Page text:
Do Words Matter? Not at KFC, Apparently.

The voice-over in a recent KFC commercial for their thighs and drumstick bucket says the chicken now contains “less” transfat.

Less than what? Less doesn’t mean anything unless you say what it has less fat than.

While we hear the voice-over, the words “0% transfat” appear on the screen.

Hey, that’s not less transfat. That’s NO transfat. Shouldn’t the script say “no transfat”?

This may seem a small nitpik, but words matter, especially when you consider the price KFC paid to create and run that spot.

Isn’t “zero transfat” the big health selling point here? “Less” communicates that it still has some transfat, just not as much as before.

But since we don’t know how much transfat KFC’s chicken had before (they don’t tell us), or how much they reduced transfat, the phrase “less transfat” is virtually meaningless.



41 thoughts on “Do Words Matter? Not at KFC, Apparently.

  • Certainly seems like NO trans-fat should be the correct phrase in the voice over.

    The thing that annoys me about KFC’s “the bucket’s back” TV spots are how they portray the average American family (or namely, the wife) as caring about the amount of trans fat in their fast food. Judging by the hordes of people who still drive through McDonald’s every day (where trans fats are still in use)… they don’t.

    Perhaps comparative advertising would drive their point home by turning people off to burgers and onto finger lickin’ goodness as a (I’m chuckling to say this) “healthier” option.

  • I don’t know how long ago I read about it, but I recall a study done that found KFC to be the healthier choice of fast food relative to all the burger joints. Now whether that’s true or not, I don’t know, but if it is they definitely should be attacking that angle.

  • The KFC ad I’ve seen flashes an image on screen that reads “0% Trans Fat” and then in mouseprint under it: “per serving.” This struck me as odd and, after thinking about it, I concluded that this means that there still is a miniscule about of trans fat in the food (less than one half of 1% I assume). This would explain your observation, also. Sneaky, but probably technically accurate.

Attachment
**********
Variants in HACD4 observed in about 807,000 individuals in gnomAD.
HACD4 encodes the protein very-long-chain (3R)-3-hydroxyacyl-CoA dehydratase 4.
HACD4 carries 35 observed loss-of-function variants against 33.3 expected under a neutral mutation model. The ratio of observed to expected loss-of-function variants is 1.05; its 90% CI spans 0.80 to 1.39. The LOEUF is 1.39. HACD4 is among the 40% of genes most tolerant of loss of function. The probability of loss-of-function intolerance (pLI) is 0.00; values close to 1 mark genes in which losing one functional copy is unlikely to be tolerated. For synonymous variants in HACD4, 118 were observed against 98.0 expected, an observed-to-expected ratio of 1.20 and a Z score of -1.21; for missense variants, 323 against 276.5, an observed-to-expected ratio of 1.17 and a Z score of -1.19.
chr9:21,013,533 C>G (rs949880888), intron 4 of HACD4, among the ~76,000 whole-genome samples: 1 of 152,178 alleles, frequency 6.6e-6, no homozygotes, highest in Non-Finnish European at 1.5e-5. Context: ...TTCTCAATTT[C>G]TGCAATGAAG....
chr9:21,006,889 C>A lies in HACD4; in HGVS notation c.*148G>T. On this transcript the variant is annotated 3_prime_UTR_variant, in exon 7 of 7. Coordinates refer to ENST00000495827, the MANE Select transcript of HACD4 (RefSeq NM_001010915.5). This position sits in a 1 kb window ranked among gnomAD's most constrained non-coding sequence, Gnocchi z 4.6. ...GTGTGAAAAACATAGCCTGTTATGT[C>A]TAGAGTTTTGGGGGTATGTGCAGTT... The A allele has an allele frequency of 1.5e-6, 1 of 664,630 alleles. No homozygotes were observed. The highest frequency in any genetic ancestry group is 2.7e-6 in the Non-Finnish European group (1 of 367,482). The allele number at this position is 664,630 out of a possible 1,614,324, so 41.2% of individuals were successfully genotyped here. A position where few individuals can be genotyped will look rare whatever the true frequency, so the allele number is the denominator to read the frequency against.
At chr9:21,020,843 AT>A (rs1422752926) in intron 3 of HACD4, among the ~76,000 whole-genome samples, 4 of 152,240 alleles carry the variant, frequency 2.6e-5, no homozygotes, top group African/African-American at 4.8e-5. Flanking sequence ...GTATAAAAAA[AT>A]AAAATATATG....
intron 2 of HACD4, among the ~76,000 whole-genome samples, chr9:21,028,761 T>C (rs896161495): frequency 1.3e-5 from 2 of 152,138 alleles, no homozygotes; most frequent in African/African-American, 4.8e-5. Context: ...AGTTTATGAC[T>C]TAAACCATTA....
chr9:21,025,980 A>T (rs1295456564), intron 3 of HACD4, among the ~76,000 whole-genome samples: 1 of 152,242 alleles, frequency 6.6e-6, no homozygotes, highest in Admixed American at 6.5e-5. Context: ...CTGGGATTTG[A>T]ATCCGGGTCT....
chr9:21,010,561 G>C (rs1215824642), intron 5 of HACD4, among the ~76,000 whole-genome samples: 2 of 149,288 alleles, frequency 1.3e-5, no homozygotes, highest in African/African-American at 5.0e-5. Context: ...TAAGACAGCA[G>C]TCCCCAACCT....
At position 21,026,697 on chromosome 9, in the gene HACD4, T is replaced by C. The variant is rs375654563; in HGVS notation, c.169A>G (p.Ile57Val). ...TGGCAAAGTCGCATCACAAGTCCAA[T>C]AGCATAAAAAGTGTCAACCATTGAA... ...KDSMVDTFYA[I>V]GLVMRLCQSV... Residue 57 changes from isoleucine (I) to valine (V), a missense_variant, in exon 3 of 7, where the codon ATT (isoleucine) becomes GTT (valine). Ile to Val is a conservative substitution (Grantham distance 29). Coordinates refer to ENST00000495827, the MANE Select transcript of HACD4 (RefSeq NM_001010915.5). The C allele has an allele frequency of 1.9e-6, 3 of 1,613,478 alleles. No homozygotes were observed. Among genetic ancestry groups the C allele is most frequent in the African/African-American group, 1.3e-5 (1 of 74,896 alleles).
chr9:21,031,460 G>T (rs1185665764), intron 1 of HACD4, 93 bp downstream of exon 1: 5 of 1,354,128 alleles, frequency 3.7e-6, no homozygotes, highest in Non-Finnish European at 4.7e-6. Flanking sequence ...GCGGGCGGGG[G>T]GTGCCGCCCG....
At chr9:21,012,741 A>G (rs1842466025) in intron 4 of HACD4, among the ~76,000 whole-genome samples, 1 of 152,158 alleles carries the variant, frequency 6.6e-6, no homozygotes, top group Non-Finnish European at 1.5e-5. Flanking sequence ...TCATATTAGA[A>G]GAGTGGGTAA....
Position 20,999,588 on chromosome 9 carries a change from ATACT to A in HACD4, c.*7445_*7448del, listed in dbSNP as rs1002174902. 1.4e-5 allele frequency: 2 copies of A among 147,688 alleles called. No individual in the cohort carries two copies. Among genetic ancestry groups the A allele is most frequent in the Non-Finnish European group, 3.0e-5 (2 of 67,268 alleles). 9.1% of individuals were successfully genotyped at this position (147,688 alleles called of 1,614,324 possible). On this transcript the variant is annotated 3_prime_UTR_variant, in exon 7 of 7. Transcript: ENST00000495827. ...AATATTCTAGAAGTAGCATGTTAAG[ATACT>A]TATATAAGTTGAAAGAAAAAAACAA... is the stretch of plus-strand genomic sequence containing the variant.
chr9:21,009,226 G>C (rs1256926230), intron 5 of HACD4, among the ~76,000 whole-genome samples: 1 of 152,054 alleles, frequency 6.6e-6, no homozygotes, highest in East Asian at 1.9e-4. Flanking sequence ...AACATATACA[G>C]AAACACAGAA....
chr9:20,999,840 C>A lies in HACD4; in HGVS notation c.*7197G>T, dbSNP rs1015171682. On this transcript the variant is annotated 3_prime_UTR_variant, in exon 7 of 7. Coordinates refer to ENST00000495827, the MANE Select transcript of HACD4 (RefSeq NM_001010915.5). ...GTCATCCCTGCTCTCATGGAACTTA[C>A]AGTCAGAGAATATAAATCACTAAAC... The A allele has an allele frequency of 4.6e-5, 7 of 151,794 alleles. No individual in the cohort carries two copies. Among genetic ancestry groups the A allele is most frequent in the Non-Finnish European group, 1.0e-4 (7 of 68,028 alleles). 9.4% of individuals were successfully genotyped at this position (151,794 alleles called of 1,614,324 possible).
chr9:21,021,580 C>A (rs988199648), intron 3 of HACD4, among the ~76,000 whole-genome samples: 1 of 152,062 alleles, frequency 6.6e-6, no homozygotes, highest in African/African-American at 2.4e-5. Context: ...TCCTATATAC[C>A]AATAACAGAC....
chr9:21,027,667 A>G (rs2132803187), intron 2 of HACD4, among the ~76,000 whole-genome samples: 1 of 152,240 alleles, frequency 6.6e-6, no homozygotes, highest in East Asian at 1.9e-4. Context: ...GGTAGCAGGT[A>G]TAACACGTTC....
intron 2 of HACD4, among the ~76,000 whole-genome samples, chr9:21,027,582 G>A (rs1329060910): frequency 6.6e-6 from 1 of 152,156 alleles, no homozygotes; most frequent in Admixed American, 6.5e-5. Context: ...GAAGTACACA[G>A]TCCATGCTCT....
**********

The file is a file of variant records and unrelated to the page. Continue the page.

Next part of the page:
• One of the national morning shows had a story last year that showed that the amount of trans fat in a KFC value meal (believe it was three piece plus potato wedges and cole slaw, or some other similar enormous load of food) was equivalent to 30 McDonald’s cheeseburgers. I very, very rarely eat fried chicken, but that iced it for me, no more KFC in this lifetime.

    Maybe they are healthier than burger joints now, but they certainly didn’t seem to be that way in the recent past (from a trans-fat perspective anyway).

    Studies are showing that the majority of these restaurants that have gone trans-fat free have just replaced the trans-fats with other fats that are equally bad for you. Yet, so many of us feel healthier eating trans-fat free. Behold the power of marketing!

  • Not to argue with Paul and Daryl, but since this is about words — if a single serving has 0% trans fat, then a bucket holding 10 servings must also have no trans fat, since 10 X 0 = 0.

  • Hey, KFC still stands for Kentucky Fried Chicken, keyword fried. I think it is a crappy way of avoiding the fact that there most likely is trans fat. Or it seems maybe they don’t really know if there’s trans fat or not. Whatever the case, I agree, it’s dumb to have conflicting points and even in a single ad. Oh, I got it, maybe they are rounding down from 0.49. Who knows, but I don’t think it is nitpiking to notice such inconsistencies.